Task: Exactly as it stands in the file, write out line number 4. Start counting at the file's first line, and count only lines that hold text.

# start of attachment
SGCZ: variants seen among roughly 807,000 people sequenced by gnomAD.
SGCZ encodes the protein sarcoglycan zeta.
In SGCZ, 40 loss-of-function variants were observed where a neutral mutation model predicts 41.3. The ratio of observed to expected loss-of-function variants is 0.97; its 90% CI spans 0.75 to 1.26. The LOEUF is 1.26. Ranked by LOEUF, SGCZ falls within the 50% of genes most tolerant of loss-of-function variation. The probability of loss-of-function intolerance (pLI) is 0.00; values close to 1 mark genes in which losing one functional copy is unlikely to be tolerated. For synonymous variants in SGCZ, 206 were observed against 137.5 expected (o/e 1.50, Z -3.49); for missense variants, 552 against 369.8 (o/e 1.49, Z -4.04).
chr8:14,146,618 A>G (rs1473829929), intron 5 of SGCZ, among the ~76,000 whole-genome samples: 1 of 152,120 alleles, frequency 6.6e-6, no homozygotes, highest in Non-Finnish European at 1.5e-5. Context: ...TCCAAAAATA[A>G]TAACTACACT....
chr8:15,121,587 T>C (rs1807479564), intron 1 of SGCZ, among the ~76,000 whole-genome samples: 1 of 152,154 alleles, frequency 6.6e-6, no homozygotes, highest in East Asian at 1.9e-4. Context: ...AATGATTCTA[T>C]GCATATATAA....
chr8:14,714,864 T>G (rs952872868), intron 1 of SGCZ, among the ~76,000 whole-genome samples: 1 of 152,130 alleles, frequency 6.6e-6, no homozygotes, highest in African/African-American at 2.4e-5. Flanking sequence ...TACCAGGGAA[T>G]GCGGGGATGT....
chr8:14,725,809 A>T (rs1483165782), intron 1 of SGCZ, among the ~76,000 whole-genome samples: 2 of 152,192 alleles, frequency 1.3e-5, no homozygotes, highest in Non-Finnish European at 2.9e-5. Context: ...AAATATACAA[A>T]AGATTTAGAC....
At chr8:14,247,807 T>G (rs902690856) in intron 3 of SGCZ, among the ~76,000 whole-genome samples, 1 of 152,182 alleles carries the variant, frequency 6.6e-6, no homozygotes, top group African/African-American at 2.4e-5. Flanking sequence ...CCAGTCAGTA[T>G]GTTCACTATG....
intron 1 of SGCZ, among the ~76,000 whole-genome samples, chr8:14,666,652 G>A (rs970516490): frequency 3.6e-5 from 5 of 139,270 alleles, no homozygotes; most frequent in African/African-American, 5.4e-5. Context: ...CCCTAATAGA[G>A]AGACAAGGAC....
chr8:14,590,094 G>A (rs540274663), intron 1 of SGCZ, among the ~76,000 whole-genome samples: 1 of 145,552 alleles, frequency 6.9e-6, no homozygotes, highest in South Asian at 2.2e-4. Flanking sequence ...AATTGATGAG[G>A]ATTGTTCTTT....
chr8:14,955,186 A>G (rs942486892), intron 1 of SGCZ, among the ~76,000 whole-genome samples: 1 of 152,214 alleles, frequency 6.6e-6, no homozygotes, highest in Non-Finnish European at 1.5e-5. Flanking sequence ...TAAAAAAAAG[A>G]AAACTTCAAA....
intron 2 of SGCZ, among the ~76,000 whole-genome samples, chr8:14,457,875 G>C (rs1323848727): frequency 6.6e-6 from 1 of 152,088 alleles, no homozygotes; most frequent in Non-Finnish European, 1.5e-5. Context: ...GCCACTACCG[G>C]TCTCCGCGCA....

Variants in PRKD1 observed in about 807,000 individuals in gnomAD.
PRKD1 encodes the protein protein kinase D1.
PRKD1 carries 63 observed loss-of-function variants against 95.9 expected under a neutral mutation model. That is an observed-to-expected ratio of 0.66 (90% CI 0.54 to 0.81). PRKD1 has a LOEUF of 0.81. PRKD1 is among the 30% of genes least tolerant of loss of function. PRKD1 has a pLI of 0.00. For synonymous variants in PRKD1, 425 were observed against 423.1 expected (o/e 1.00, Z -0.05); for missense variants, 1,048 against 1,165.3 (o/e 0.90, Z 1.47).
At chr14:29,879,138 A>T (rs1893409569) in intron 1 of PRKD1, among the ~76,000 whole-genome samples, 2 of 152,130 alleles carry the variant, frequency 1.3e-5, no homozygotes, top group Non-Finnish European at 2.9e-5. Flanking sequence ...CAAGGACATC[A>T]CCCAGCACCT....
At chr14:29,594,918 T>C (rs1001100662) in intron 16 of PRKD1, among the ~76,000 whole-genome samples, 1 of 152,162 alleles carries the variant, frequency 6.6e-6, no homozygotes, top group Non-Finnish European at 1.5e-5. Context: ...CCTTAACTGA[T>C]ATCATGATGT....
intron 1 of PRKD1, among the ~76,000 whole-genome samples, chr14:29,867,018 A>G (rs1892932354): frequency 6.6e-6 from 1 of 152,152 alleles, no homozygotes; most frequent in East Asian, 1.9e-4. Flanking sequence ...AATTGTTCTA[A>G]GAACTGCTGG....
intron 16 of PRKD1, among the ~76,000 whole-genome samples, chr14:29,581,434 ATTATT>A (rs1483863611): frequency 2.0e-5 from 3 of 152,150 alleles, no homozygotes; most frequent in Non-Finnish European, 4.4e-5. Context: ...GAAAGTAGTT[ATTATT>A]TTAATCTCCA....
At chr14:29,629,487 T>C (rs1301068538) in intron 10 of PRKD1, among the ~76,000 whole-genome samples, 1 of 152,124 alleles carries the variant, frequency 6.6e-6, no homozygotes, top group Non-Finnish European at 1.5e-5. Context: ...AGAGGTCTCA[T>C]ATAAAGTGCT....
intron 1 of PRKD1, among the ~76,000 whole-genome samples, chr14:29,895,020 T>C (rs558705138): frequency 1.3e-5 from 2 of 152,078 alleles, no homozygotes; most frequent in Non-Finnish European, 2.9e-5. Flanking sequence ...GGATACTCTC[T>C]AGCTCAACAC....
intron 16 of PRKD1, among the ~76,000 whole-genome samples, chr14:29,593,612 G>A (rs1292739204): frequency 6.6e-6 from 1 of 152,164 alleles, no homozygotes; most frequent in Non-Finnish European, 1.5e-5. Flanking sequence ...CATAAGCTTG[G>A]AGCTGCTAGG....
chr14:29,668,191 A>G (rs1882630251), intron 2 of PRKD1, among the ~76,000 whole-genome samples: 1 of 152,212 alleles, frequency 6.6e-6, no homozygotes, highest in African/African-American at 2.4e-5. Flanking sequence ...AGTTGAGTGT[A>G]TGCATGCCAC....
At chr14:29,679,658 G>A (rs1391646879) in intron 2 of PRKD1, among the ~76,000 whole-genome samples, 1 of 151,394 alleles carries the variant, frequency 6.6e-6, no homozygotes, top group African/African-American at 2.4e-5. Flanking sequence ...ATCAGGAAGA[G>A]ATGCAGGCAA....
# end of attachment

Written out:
chr8:14,146,618 A>G (rs1473829929), intron 5 of SGCZ, among the ~76,000 whole-genome samples: 1 of 152,120 alleles, frequency 6.6e-6, no homozygotes, highest in Non-Finnish European at 1.5e-5. Context: ...TCCAAAAATA[A>G]TAACTACACT....